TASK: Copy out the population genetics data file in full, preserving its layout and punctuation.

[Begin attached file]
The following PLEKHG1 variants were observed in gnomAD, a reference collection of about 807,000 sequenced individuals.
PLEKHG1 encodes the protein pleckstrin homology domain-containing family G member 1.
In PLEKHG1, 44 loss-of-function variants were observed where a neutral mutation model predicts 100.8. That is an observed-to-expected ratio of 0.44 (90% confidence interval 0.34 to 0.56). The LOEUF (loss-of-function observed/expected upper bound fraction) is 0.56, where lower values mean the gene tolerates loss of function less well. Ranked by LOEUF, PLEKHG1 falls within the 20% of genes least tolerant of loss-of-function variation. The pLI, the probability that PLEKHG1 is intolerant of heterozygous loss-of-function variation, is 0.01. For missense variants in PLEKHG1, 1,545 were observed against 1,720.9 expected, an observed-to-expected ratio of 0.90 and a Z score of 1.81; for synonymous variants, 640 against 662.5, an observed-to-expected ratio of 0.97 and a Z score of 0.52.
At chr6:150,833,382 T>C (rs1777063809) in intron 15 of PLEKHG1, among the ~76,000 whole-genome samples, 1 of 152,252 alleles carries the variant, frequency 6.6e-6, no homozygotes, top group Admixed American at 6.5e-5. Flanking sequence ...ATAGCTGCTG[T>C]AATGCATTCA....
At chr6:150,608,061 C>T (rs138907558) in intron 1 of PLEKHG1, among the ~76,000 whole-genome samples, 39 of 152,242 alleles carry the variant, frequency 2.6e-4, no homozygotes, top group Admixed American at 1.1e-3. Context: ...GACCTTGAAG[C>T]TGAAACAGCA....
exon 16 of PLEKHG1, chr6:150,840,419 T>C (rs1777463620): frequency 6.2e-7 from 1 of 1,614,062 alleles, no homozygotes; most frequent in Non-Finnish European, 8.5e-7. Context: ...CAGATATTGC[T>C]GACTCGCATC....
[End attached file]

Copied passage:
The following PLEKHG1 variants were observed in gnomAD, a reference collection of about 807,000 sequenced individuals.
PLEKHG1 encodes the protein pleckstrin homology domain-containing family G member 1.
In PLEKHG1, 44 loss-of-function variants were observed where a neutral mutation model predicts 100.8. That is an observed-to-expected ratio of 0.44 (90% confidence interval 0.34 to 0.56). The LOEUF (loss-of-function observed/expected upper bound fraction) is 0.56, where lower values mean the gene tolerates loss of function less well. Ranked by LOEUF, PLEKHG1 falls within the 20% of genes least tolerant of loss-of-function variation. The pLI, the probability that PLEKHG1 is intolerant of heterozygous loss-of-function variation, is 0.01. For missense variants in PLEKHG1, 1,545 were observed against 1,720.9 expected, an observed-to-expected ratio of 0.90 and a Z score of 1.81; for synonymous variants, 640 against 662.5, an observed-to-expected ratio of 0.97 and a Z score of 0.52.
At chr6:150,833,382 T>C (rs1777063809) in intron 15 of PLEKHG1, among the ~76,000 whole-genome samples, 1 of 152,252 alleles carries the variant, frequency 6.6e-6, no homozygotes, top group Admixed American at 6.5e-5. Flanking sequence ...ATAGCTGCTG[T>C]AATGCATTCA....
At chr6:150,608,061 C>T (rs138907558) in intron 1 of PLEKHG1, among the ~76,000 whole-genome samples, 39 of 152,242 alleles carry the variant, frequency 2.6e-4, no homozygotes, top group Admixed American at 1.1e-3. Context: ...GACCTTGAAG[C>T]TGAAACAGCA....
exon 16 of PLEKHG1, chr6:150,840,419 T>C (rs1777463620): frequency 6.2e-7 from 1 of 1,614,062 alleles, no homozygotes; most frequent in Non-Finnish European, 8.5e-7. Context: ...CAGATATTGC[T>C]GACTCGCATC....